If I use shell. I will have x= (y*625/9)^(1/4). Thus, my formula will be something like

    pi* integral ( x^2, evaluation from 0 to 9) ?? Is it true ? Which way should I follow ?
  12. Nov 11, 2008 #11
    Ok first make sure if you use your calculator that it is in radians... because that is not what I got for the area of #1. By dish method do you mean disk lol? Anyways, since you revolve around the y axis, you have to put your function in terms of x =, now i dont know if what you have is right though.
  13. Nov 11, 2008 #12
    What did you get ? That's what I got in radian mode. Did you square (1-sin(x)) ? and then divide the integral by 4 ?

    What do you mean ? I meant disk, sorry.

    I did put function in term of x like above. is that right ?
  14. Nov 11, 2008 #13
    Sorry got back from lunch,
    Why would i square 1-sin(x) and then divide the integral by 4?? do you know how to get the integral of : f(x) = 1-sin(x) ??
    Well is the equation: (9(x^4))/625 OR (9)(x^(4/625)) ??
  15. Nov 11, 2008 #14


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    You would do those things because that how you get the cross sectional area to integrate. nns91 is doing it correctly, the answer is about 0.089. I don't think you read the problem completely. But, again, nns91, I think you want to express the answer exactly instead of as an approximation. Can't you do the integral without doing it numerically?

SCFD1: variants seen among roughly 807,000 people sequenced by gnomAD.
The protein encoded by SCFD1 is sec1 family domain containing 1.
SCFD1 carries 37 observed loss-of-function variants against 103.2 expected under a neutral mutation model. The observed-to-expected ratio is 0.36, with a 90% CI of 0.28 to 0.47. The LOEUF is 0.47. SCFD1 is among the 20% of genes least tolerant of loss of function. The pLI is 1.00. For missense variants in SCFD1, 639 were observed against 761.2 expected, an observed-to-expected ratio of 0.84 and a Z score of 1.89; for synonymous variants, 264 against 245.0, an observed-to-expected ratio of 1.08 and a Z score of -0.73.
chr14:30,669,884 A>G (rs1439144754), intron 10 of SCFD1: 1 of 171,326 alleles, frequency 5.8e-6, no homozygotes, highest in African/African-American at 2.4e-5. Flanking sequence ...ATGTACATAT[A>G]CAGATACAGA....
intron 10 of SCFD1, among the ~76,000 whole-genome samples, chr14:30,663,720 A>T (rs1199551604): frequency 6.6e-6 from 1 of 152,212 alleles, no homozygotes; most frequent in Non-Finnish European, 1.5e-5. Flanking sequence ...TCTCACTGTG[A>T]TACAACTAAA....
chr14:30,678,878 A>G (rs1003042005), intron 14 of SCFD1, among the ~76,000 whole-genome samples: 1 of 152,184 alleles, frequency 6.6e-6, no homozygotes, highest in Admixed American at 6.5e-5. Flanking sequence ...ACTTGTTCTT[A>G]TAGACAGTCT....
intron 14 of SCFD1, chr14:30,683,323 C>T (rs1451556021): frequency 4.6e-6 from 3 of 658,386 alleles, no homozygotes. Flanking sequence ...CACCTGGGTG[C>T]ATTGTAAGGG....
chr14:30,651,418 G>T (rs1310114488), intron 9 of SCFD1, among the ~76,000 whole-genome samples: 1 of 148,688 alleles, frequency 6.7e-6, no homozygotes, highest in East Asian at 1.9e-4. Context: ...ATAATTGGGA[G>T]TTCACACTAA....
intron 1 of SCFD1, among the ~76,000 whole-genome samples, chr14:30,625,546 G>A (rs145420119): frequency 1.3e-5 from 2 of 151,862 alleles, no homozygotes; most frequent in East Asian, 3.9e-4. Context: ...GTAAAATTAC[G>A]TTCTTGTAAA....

16. Nov 11, 2008 #15
    I could but I think my teacher prefer approximation. Thanks for your comment.

    The problem is (9*x^4)/625.

    So how can I do the 2nd problem ?
  17. Nov 11, 2008 #16


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    Do the next one like you did the first one. Sure, use disks. Given a value of y, what's the radius of the disk? What's the area of the disk? Now integrate area dy to get the volume.
  18. Nov 11, 2008 #17
    Radius will be x=((625*y)/9)^1/4 so area will be pi*x^2 ??? Is that true ?

    I am confused about part c too.

    So v= pi*r^2 * h right ? What's next ? I too the derivative but it led to dr/dt which I don't know ?
  19. Nov 11, 2008 #18


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    Right. Area is pi*x^2=pi*((y*625)/9)^(1/4))^2. But you don't just multiply area times height, the area isn't constant. You have to INTEGRATE area*dy. Because you know part c) is coming don't just find the volume for h=5. Find the volume for a general value of h.
  20. Nov 11, 2008 #19
    so how can I find the limit of integral is that 0 to 9 ?

    v=pi*r^2*h right ? so I just take the derivative. and gt dv/dt = 2pi*r*h*dr/dt + 2pi*r*dh/dt.

    I have pretty much everything except dr/dt and r. How can I find those variables ?
  21. Nov 11, 2008 #20


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    Maybe I didn't emphasize that V=pi*r^2*h is WRONG. You have to INTEGRATE to find the volume. Go back to part a).